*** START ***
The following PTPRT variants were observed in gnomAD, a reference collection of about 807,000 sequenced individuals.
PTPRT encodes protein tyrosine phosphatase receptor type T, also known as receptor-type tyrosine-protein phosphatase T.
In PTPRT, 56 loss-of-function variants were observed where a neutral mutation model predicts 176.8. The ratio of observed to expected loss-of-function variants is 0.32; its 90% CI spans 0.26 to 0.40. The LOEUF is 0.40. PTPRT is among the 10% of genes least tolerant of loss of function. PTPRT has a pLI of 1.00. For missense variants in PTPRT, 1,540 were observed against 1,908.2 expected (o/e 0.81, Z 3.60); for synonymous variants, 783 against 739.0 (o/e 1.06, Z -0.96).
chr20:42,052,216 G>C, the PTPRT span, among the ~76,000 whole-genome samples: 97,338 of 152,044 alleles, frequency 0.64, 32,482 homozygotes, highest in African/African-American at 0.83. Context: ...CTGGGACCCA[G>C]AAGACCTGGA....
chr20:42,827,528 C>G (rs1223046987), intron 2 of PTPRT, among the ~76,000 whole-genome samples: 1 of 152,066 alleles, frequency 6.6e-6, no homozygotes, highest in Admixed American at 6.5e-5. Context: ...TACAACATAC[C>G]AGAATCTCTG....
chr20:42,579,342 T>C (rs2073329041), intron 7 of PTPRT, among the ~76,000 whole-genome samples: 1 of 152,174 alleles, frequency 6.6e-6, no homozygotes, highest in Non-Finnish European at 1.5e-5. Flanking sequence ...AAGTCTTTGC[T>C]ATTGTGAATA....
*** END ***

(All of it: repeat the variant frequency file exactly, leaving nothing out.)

The following PTPRT variants were observed in gnomAD, a reference collection of about 807,000 sequenced individuals.
PTPRT encodes protein tyrosine phosphatase receptor type T, also known as receptor-type tyrosine-protein phosphatase T.
In PTPRT, 56 loss-of-function variants were observed where a neutral mutation model predicts 176.8. The ratio of observed to expected loss-of-function variants is 0.32; its 90% CI spans 0.26 to 0.40. The LOEUF is 0.40. PTPRT is among the 10% of genes least tolerant of loss of function. PTPRT has a pLI of 1.00. For missense variants in PTPRT, 1,540 were observed against 1,908.2 expected (o/e 0.81, Z 3.60); for synonymous variants, 783 against 739.0 (o/e 1.06, Z -0.96).
chr20:42,052,216 G>C, the PTPRT span, among the ~76,000 whole-genome samples: 97,338 of 152,044 alleles, frequency 0.64, 32,482 homozygotes, highest in African/African-American at 0.83. Context: ...CTGGGACCCA[G>C]AAGACCTGGA....
chr20:42,827,528 C>G (rs1223046987), intron 2 of PTPRT, among the ~76,000 whole-genome samples: 1 of 152,066 alleles, frequency 6.6e-6, no homozygotes, highest in Admixed American at 6.5e-5. Context: ...TACAACATAC[C>G]AGAATCTCTG....
chr20:42,579,342 T>C (rs2073329041), intron 7 of PTPRT, among the ~76,000 whole-genome samples: 1 of 152,174 alleles, frequency 6.6e-6, no homozygotes, highest in Non-Finnish European at 1.5e-5. Flanking sequence ...AAGTCTTTGC[T>C]ATTGTGAATA....